Photo by Tino Tran

Unofficial advice, that is. As a Riot who is not a member of the Personnel Committee (the hearty band of players who have the difficult task of choosing the squad this season), I have a limited influence as to who will make the team. I do, however, have a lot of experience with the Riot tryout process, and can give you some solid tips going into the Combine.

But first, some background. The first year I tried out for Riot, they cut me. I had never played competitive women’s Club Ultimate, I had never been coached, and the warm-up alone winded me. Going into the tryout, I felt sure that I could make the team, mostly because I played on the Open team at Seattle U and that, of course, instantly prepared me to play against women (My college self was a chauvinist, turns out.). I made it past the Combine, but not the next round of cuts. I remember very clearly the heavy feeling settling in my stomach as I read the first sentence from that email. It felt like something akin to a break-up. I knew that I had not played well, but there was still a small part of me that thought maybe, maybe they could overlook the turnovers and the awful forehands because I was fast and stuff… They couldn’t.

The second year I tried out for Riot, they cut me. I had a full season of women’s Club Ultimate under my belt, had been coached by Ben Wiggins and Gwen Ambler while playing for Viva, and now had my foot in the door of the Seattle Club scene. That year I made it past the Combine, past the next round of cuts, and flew out to California for the final tryout tournament (Fun fact: Gwen had finally ended her love affair with Fury, and was also trying out that year. She made the team.). After a grueling weekend and an expensive plane ticket, Riot cut me again. This time around, it stung a little more. I tried out for Underground that year, made it, and entered that season with a vengeance. I grew exponentially as a player and a teammate, and had a lot of fun the whole time. The only reason I decided to try out for Riot a third time was because of the encouragement of another Underground teammate, Caitlin Cordell, who had also played Viva with me the previous year.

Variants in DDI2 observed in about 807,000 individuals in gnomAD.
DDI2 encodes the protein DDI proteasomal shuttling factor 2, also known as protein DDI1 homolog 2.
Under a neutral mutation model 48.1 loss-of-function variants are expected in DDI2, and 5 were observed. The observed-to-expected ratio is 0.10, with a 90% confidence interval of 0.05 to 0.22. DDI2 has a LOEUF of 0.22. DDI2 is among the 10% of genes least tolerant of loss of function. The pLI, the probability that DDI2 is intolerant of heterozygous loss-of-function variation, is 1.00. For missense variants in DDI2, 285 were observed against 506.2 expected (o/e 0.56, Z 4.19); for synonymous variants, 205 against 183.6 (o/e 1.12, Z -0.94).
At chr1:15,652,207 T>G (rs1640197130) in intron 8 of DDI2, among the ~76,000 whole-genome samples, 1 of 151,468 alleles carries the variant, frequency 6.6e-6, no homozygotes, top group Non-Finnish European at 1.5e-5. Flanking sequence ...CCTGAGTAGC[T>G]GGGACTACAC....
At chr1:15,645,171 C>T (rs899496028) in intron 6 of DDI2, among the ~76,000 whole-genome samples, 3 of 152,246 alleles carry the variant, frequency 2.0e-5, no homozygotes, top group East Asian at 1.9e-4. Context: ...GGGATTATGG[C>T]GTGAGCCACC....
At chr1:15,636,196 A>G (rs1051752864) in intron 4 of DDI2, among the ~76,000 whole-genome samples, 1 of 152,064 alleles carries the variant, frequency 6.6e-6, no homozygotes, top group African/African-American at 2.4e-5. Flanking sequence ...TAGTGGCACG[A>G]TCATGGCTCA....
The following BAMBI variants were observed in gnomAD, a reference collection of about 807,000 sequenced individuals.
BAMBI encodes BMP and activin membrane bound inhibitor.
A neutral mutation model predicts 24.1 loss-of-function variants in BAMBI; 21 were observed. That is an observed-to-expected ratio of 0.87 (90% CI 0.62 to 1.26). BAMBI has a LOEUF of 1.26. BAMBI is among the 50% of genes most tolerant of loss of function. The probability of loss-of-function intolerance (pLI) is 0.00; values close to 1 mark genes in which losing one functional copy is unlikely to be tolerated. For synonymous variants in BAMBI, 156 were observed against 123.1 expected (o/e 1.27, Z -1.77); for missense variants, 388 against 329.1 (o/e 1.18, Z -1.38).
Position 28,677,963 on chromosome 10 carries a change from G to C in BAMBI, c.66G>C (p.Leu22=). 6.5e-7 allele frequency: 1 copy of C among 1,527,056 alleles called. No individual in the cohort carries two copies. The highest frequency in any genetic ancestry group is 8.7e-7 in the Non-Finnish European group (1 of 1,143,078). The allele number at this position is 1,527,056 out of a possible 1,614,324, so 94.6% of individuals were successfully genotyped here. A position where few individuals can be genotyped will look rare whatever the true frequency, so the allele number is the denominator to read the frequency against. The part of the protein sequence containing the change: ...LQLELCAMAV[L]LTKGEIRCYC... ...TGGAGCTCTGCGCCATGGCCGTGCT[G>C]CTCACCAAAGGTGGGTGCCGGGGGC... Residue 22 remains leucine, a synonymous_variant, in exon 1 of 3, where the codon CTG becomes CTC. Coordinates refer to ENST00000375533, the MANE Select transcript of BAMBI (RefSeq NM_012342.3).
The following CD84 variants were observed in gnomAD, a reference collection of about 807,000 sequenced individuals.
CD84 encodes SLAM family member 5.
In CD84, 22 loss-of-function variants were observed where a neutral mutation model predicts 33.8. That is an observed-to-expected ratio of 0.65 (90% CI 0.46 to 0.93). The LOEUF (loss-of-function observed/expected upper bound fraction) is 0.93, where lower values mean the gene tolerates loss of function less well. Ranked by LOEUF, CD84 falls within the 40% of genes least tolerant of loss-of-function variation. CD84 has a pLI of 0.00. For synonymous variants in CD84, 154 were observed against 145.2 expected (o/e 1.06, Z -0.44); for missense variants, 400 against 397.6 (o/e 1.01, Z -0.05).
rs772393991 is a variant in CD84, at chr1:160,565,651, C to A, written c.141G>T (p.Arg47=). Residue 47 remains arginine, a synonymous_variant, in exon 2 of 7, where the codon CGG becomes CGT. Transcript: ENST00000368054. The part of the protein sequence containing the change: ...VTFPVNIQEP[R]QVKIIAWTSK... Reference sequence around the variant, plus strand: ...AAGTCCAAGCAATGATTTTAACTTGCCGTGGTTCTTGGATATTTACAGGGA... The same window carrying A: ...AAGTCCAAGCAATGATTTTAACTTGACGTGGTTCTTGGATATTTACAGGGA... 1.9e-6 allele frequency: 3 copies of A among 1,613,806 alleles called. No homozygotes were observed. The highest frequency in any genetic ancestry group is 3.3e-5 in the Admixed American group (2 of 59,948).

The third year I tried out for Riot, I made the team.

Going into my fifth Riot season, I have a better understanding of the process that goes into choosing a teammate. Many parts of this process are uncontrollable: who’s leaving from the previous year and what positions are opening up because of those losses, the size of the roster we want in a given year, particular talents that show up in a given tryout pool. You, as a tryout, have no control over any of that.

So what do you do? You get in shape, of course. You play as much Ultimate as you can. If you’re lucky, you’ve been coached. If you’re tryout savvy, you’ve been going to as much Riot-sponsored mini and goaltimate as possible. And when the time comes, you leave it all on the field and hope that the people with the clipboards saw you.

But even if you do all of those things, there is still no guarantee that you will make this squad. You should absolutely be doing all of those things, if you’re able, but it won’t get you on Riot.

If you want to give yourself the best possible chance of making it past the Combine, here’s what you do:

The first bit of advice is quantifiable, which makes it infinitely more useful. The second bit, however, is just as important. Some quick guidelines if you’re having trouble with the phrase “good teammate”: be a helpful sideline presence, be supportive of other tryouts, and don’t assume that you’re better than anyone. Being bummed when you turn the disc over is natural, but know how to bounce back (namely by playing great defense).

It is possible to make up for deficiencies in these two categories with excellent throws, perfect offense, speed, or any number of super powers, but I suggest you work on these two things. Play great defense. Be a good teammate.

Good luck!

Calise Cardenas | Riot #7